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Mike Oldfield

Mike Oldfield, December 2006
Background information
Birth name Michael Gordon Oldfield
Born 15 May 1953 (1953-05-15) (age 56)
Reading, Berkshire, England
Genres Ambient, celtic fusion, classical, Synthpop, experimental, minimalist, Neoclassical, new age, Neofolk, pop, progressive rock, rock and roll, world
Occupations Musician, Songwriter, Producer, Game designer
Instruments Guitar, Keyboards, Percussion, Vocals, Bass
Years active 1967 – present
Labels Virgin (1972 – 1991)
Warner Bros. (1992 – 2003)
Mercury (2005 – present)
Associated acts Kevin Ayers, David Bedford, Maggie Reilly, Pekka Pohjola
Website http://www.mikeoldfield.com/

Michael Gordon "Mike" Oldfield (born 15 May 1953, Reading, Berkshire) is an English multi-instrumentalist musician and composer, working a style that blends progressive rock, folk, ethnic or world music, classical music, electronic music, New Age and more recently dance. His music is often elaborate and complex in nature. He is best known for his hit 1973 album Tubular Bells, which broke new ground as an instrumental album and launched Virgin Records, and for his 1983 hit single "Moonlight Shadow". He is also well known for his hit rendition of the Christmas piece, "In Dulci Jubilo".

Contents

History

Oldfield's parents are Maureen and Raymond Oldfield, a nurse and general practitioner. His sister Sally and brother Terry are successful musicians in their own right and have appeared on several of his albums. Mike Oldfield was born in the Battle Hospital, Reading, Berkshire and he attended St Joseph's Convent School, Highlands Junior School in Tilehurst, St Edward's Preparatory School [1] and Presentation College in Reading. When he was 13 he moved with his parents to Harold Wood where he attended Hornchurch Grammar School. He only stayed there long enough to take one GCE examination, in English, as he had already begun his music career.[1]

Early career

Oldfield's career began fairly early, playing acoustic guitar in local folk clubs. At this time, he already had two fifteen-minute instrumental pieces in which he would "go through all sorts of moods", a precursor to his landmark 1970s compositions. In his early teens, Oldfield was involved in a 'beat group' playing Shadows-style music (he has often cited Hank Marvin as a major influence, and would later cover The Shadows' song "Wonderful Land"). In 1967 he and his sister Sally formed the folk duo The Sallyangie and were signed to Transatlantic Records after exposure in the local folk scene. An album, Children of the Sun, was issued in 1968. After Sallyangie disbanded, he formed another duo with his brother Terry, called Barefoot, which took him back to rock music.[2]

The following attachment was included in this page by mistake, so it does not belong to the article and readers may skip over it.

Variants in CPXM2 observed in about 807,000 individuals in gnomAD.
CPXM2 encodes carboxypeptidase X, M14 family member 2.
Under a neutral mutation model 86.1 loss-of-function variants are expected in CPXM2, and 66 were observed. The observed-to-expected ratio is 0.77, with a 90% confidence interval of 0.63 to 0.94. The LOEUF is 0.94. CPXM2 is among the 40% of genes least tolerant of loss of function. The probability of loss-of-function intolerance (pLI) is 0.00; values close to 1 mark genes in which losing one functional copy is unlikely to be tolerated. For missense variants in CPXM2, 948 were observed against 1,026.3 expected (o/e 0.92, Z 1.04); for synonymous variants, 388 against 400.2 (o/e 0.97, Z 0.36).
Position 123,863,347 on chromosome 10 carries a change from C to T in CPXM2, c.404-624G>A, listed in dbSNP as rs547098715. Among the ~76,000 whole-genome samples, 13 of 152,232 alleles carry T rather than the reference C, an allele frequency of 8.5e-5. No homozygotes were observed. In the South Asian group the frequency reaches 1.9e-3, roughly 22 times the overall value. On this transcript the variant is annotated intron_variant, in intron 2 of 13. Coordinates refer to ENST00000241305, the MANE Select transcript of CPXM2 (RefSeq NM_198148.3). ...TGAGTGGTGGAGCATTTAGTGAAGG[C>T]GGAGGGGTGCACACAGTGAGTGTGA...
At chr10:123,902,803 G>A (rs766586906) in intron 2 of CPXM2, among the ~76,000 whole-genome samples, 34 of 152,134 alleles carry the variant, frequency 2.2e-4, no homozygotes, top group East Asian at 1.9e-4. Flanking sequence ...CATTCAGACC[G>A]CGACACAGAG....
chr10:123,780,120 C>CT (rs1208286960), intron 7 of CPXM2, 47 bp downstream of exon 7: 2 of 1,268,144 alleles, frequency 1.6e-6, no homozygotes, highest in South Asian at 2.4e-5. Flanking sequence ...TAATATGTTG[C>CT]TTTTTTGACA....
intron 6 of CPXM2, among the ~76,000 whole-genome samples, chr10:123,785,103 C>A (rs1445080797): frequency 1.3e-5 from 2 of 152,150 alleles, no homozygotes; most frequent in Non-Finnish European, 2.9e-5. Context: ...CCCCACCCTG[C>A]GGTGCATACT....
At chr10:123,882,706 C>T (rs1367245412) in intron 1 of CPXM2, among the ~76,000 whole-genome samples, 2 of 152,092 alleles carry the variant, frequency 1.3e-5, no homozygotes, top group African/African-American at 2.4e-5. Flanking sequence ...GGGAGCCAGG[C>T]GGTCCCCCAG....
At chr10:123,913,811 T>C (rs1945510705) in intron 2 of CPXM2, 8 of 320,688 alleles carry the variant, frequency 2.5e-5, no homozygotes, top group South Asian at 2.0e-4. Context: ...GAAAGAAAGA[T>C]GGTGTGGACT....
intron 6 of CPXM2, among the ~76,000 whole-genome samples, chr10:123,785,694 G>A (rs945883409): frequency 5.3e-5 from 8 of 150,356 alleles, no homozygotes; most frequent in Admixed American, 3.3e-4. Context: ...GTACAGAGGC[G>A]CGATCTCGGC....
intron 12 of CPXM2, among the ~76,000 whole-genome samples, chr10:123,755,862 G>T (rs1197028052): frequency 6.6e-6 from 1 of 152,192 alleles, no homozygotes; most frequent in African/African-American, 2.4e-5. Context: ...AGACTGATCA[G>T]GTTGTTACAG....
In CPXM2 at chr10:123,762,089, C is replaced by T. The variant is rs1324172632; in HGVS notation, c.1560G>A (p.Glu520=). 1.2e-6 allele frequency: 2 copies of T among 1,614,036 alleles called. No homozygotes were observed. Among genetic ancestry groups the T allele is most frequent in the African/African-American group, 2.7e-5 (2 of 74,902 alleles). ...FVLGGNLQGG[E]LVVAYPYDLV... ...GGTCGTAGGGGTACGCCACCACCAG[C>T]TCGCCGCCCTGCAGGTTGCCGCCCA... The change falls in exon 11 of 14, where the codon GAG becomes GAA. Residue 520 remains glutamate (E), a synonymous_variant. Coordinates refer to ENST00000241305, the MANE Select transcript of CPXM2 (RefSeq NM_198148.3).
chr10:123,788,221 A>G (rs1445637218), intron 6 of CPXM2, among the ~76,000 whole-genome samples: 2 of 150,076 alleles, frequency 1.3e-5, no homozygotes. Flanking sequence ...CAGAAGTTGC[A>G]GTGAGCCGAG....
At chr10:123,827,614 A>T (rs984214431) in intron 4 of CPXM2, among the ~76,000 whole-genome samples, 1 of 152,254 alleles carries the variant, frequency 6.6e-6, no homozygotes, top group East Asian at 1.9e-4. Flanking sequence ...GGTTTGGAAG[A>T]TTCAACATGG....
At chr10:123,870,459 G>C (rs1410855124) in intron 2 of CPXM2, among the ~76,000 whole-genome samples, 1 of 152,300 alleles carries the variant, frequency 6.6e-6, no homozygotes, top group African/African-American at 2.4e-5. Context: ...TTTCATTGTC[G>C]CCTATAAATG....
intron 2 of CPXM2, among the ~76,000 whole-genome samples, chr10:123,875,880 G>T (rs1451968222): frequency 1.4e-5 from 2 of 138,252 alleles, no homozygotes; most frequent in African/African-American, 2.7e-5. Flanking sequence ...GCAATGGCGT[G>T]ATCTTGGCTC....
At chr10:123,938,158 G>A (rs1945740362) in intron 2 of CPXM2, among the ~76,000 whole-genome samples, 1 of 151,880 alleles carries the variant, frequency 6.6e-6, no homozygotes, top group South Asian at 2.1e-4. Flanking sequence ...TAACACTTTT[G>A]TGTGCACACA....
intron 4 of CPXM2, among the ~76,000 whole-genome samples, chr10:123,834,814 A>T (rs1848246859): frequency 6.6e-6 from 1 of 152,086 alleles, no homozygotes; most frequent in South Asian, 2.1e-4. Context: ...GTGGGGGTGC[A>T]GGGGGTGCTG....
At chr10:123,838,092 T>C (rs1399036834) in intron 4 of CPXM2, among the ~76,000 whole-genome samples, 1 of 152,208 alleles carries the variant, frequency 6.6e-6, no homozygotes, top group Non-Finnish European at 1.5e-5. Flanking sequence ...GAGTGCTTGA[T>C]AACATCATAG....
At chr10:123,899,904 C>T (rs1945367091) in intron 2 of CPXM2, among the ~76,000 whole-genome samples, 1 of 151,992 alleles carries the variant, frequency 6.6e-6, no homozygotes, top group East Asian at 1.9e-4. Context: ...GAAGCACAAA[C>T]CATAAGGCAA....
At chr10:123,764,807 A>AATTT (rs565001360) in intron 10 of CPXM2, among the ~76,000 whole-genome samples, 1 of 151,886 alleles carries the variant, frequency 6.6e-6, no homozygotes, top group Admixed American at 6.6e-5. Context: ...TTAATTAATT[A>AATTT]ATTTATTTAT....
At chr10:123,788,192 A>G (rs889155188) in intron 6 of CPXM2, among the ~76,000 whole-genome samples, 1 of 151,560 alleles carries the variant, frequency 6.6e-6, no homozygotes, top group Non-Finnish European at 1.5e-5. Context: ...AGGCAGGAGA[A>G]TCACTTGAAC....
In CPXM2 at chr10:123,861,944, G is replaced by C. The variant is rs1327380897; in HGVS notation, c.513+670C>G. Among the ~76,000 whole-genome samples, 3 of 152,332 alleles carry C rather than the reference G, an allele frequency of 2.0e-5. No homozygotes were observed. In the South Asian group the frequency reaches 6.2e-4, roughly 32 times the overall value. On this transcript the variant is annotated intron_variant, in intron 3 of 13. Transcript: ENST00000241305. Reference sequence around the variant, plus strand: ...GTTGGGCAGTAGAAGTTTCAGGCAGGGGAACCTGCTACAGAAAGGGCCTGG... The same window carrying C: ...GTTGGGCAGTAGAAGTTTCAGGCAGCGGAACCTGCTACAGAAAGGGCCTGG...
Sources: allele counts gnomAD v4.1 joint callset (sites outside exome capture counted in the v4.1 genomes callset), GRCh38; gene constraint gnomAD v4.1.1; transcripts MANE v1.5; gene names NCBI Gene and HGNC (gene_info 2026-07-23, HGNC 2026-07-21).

In 1970 he joined ex-Soft Machine vocalist Kevin Ayers' backing group The Whole World playing bass guitar. The band also included keyboardist and composer David Bedford, who quickly befriended Oldfield and encouraged him in his composition of an early version of Tubular Bells. Bedford would later arrange and conduct an orchestral version of that album. Oldfield is featured on two Ayers albums, Whatevershebringswesing and Shooting at the Moon. Both albums featured early versions of what would become Oldfield's trademark sound.

Having recorded a demo version of Tubular Bells, Oldfield attempted to convince someone in the music industry to take the project on, but was told it was unmarketable. However, in 1972 he met the young Richard Branson who was setting up his own record label, Virgin Records, and after playing the demo to engineers Tom Newman and Simon Heyworth, he began recording the 1973 version of the album.

1973 to 1991: Virgin years